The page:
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Royal Sites in Castile-León

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  • Royal Palace at La Granja de San Ildefonso. San Ildefonso or La Granja, Segovia © Turespaña

    Royal Palace at La Granja de San Ildefonso. San Ildefonso or La Granja, Segovia © Turespaña

  • Hispano-Arab arches in the royal monastery of Santa Clara. Tordesillas © Turespaña

    Hispano-Arab arches in the royal monastery of Santa Clara. Tordesillas © Turespaña


Life and customs of old kings

The Royal Sites are a series of interesting buildings belonging to the National State Heritage. They were founded by the successive monarchs throughout the history of Spain. Although they were first built to be used by the Royal Family, their doors are open to tourists and visitors. This route goes from Segovia to Tordesillas, and from Tordesillas to Burgos, the four Royal Sites situated in the region of Castile-León.

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It is well worth allowing two or three days for this route. We'll start near the city of Segovia, where two of the four Royal Sites in Castile-León can be found. They are both splendid sites built during the 18th century and their style goes from Classicist Baroque to Neoclassicism.

La Granja Royal Palace is situated about 11 kilometres south of Segovia. Its name comes from an old farm ("granja" in Spanish) belonging to the monastery of El Parral in Segovia, which was bought by King Philip V of Spain in 1724. For two centuries for Spanish monarchs used it as a summer residence. Philip V started the works to extend the palace and they continued throughout the 18th century. The current site is has the Palace in the centre and is designed by the architect Teodoro Ardemans.

Some of the many annexed rooms are the Royal Collegiate Church of the Santísima Trinidad, where there is a relic chapel in which King Philip V and his second wife, Isabella Farnese, are buried; the Old Casa de las Damas house, which houses the Tapestry Museum; the Casa de los Oficios house and the Old Casa de Canónigos house.

Its Royal Gardens, which make the site look slightly French, are also impressive. 26 fountains with classical sculptures are scattered around the flowerbeds and wooded areas.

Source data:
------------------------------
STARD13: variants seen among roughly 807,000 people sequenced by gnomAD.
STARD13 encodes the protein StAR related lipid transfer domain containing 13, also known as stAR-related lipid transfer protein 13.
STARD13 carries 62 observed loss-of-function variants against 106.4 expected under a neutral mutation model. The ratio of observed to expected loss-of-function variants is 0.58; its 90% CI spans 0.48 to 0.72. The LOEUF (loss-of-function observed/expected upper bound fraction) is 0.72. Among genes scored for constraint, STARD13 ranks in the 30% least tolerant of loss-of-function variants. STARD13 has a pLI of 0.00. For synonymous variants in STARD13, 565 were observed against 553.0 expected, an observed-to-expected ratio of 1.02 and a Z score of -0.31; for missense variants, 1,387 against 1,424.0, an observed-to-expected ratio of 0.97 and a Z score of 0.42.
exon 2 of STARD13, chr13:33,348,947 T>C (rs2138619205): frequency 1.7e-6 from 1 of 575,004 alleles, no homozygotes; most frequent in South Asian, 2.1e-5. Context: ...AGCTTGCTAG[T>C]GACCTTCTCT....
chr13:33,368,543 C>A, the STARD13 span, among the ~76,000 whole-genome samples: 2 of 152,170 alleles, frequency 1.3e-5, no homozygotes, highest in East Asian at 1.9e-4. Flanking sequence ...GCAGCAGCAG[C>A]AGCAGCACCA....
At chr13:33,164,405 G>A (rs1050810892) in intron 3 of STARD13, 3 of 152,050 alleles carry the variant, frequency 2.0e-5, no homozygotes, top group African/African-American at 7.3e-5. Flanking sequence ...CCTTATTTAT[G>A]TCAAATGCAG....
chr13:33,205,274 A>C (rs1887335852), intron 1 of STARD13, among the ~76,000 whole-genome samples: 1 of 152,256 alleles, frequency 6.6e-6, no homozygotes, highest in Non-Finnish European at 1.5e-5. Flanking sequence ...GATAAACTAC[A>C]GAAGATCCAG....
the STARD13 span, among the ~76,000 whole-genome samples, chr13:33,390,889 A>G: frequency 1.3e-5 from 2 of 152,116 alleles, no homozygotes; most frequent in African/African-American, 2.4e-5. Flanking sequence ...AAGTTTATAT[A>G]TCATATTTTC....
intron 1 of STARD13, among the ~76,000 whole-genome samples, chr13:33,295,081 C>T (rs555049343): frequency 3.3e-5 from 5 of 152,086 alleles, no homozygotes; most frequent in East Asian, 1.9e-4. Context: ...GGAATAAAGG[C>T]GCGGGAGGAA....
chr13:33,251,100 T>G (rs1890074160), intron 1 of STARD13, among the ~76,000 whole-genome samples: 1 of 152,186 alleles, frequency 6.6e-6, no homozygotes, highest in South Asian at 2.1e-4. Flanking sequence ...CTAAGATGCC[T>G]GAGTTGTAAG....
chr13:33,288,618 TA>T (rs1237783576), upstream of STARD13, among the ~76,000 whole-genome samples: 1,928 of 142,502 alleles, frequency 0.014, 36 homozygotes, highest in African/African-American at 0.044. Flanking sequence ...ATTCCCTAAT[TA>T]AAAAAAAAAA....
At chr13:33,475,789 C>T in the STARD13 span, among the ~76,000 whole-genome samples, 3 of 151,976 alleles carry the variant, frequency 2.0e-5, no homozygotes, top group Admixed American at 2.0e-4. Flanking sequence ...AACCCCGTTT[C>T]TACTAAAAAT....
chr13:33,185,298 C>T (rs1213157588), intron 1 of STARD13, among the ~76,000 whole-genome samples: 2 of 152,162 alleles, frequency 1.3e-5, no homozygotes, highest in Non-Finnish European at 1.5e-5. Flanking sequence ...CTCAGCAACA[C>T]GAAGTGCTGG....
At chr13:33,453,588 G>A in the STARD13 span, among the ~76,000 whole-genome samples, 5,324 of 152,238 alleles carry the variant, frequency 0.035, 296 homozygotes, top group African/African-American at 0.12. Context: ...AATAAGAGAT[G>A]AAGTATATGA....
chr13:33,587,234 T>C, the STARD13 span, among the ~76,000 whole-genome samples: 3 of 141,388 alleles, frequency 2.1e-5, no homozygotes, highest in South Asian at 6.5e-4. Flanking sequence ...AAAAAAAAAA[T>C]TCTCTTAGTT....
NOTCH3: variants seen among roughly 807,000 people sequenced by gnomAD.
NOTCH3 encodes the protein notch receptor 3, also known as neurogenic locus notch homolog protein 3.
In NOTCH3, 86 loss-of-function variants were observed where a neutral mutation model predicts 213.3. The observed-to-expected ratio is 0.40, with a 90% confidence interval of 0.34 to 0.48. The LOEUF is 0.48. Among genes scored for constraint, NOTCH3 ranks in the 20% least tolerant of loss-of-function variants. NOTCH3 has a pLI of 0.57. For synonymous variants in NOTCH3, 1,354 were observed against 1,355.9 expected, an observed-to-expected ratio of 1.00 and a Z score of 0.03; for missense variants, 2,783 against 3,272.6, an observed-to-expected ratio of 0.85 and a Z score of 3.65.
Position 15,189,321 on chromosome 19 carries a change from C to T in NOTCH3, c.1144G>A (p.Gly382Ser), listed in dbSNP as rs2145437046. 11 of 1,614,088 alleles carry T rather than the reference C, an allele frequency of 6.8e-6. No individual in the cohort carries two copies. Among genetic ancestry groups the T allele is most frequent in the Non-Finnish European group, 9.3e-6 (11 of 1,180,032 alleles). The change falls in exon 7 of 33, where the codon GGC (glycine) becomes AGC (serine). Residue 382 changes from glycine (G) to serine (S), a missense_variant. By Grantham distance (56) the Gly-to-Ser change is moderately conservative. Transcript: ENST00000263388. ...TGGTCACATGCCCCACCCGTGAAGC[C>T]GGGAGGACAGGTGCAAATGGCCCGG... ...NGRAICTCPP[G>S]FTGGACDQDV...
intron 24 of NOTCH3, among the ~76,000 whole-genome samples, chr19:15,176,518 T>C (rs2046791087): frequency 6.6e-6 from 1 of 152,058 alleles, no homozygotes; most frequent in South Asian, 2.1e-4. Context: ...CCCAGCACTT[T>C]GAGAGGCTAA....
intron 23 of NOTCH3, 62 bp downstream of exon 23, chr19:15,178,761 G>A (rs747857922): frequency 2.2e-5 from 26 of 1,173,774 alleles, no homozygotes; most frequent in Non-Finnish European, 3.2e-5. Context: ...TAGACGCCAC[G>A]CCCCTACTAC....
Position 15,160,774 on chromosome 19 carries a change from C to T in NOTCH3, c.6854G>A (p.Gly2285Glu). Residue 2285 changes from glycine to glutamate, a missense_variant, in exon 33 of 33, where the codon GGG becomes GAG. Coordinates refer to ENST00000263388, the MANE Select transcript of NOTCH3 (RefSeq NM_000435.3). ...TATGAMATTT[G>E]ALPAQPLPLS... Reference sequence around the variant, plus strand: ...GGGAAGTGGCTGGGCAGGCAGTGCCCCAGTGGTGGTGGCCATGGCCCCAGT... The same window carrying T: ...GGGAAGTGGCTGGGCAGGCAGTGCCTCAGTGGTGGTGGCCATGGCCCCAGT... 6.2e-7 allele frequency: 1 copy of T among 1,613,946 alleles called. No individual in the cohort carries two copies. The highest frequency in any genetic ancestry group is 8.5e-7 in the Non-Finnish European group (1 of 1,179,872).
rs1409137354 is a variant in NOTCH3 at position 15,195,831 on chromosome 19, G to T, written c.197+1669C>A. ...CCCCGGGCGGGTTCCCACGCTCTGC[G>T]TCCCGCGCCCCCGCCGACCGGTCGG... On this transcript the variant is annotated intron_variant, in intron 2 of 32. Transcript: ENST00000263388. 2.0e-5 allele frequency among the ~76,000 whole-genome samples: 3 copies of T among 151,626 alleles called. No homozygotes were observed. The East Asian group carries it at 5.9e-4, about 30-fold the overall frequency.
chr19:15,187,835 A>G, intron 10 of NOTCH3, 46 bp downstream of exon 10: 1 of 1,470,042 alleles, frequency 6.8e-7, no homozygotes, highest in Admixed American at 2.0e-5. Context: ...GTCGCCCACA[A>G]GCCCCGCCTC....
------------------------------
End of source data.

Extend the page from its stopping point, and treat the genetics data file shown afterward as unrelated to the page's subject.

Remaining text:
From La Granja Royal Palace we can get to the nature areas of the Valsaín pinewood, the Sierra de Guadarrama Mountains and the Navacerrada mountain pass and resort.

The Royal Palace is situated just 15 kilometres west of Ríofrío. Isabella Farnese commissioned this building in 1751 as a relaxation and hunting lodge in the Riofrío royal game reserve. We'll get to the palace by crossing its 625 hectare forest, while seeing deer and fallow deer that live there. The building is inspired by the Italian style and it houses a Hunting Museum.

La Granja Royal Palaces and Riofrío are very close to the city of Segovia, with many monuments, Romanesque churches, the Gothic Alcázar palace and cathedral, and its impressive Roman aqueduct.

To get to the third Royal Site we'll need to travel 117 kilometres to the village of Tordesillas (Valladolid). Here there is the Royal Monastery of Santa Clara, a palace that was built around 1340, commissioned by Alfonso XI. His son Pedro I finished it and gave it to his daughters in 1363 to turn it into a women's convent. It was extended in the 15th century and is one of the best examples of Gothic-Mudejar architecture in Spain. Inside we can find Arab Baths, some of the best preserved in Spain.

Finally, we'll head towards the city of Burgos, 155 kilometres away from Tordesillas, where we'll visit the Santa María la Real de las Huelgas Monastery. It was founded in 1187 by King Alfonso VIII and his wife Leonor, as a women's convent, with the aim of using it as a Royal Pantheon. Here you will find the sepulchres of the monastery's founding monarchs and his son Henry I of Castile, as well as of many infantes and noblemen from the royal family of Castile-León.

It was built in two stages. During the first stage (late 12th century) the Romanesque cloister ("Las Claustrillas") was built, as well as the Chapel of La Asunción. In the second stage (13th century), the rest of monastery was built, following the Cistercian style. In the cloister of San Fernando we'll find the Rich Medieval Fabric Museum. The entire site is surrounded by the remains of the old walls, with its defensive tower.

Both the village of Tordesillas and, of course, the city of Burgos, offer visitors many other attractions: monuments, culture and entertainment.

We can always extend this route by stopping at attractive spots. On our way to Riofrío towards Tordesillas we cross the villages of Arévalo (Segovia) and Medina del Campo (Valladolid), with their important artistic heritage. And between Tordesillas and Burgos we can visit, for example, the village of Simancas and the cities of Valladolid and Palencia.


What to see on the route

Other routes of interest

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